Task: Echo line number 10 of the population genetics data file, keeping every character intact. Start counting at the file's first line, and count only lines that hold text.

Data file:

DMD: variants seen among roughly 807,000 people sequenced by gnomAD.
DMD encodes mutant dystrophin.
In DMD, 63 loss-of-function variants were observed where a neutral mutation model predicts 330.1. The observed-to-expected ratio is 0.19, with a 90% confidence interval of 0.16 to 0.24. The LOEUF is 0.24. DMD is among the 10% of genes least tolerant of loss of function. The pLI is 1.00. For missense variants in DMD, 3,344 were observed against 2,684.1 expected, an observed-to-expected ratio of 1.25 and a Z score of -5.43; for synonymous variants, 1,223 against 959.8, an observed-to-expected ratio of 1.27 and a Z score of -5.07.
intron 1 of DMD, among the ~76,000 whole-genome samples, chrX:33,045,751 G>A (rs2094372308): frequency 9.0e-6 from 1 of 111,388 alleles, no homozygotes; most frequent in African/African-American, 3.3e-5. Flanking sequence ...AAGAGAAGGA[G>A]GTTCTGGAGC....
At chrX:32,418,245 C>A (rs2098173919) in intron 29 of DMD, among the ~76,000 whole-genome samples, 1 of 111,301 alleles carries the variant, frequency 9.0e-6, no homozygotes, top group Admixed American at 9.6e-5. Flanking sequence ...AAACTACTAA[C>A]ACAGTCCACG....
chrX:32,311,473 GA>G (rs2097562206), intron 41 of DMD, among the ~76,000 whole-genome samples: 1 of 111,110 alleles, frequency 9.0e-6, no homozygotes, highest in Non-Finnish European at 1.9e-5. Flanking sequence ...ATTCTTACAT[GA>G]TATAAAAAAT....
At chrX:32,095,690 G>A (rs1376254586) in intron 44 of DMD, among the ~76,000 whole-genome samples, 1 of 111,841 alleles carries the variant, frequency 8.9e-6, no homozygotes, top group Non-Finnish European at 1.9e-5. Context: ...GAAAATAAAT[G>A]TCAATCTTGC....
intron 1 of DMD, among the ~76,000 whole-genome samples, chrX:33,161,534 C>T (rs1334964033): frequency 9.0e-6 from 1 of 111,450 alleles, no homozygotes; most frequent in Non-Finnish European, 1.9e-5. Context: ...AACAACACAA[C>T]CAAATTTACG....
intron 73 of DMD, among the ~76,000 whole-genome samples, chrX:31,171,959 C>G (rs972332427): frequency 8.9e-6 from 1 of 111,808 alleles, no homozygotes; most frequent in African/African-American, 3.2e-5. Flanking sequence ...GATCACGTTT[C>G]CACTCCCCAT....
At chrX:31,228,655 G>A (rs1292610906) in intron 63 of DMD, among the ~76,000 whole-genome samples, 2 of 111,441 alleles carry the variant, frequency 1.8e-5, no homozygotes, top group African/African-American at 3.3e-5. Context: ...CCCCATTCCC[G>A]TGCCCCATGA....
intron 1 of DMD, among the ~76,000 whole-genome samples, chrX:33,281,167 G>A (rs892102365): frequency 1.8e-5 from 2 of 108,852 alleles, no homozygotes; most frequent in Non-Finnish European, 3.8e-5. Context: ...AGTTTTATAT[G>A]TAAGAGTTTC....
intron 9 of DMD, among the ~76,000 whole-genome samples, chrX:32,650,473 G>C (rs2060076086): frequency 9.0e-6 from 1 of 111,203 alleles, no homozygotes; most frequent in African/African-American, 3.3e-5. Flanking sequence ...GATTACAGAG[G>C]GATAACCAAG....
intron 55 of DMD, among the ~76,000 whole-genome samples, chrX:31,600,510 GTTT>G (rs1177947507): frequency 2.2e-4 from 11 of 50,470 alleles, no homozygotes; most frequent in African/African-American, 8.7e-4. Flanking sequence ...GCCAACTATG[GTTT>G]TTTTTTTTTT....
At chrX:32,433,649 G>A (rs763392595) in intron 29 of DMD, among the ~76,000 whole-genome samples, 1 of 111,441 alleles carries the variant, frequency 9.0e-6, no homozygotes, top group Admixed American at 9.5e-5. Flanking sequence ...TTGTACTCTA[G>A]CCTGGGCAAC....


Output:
At chrX:31,228,655 G>A (rs1292610906) in intron 63 of DMD, among the ~76,000 whole-genome samples, 2 of 111,441 alleles carry the variant, frequency 1.8e-5, no homozygotes, top group African/African-American at 3.3e-5. Context: ...CCCCATTCCC[G>A]TGCCCCATGA....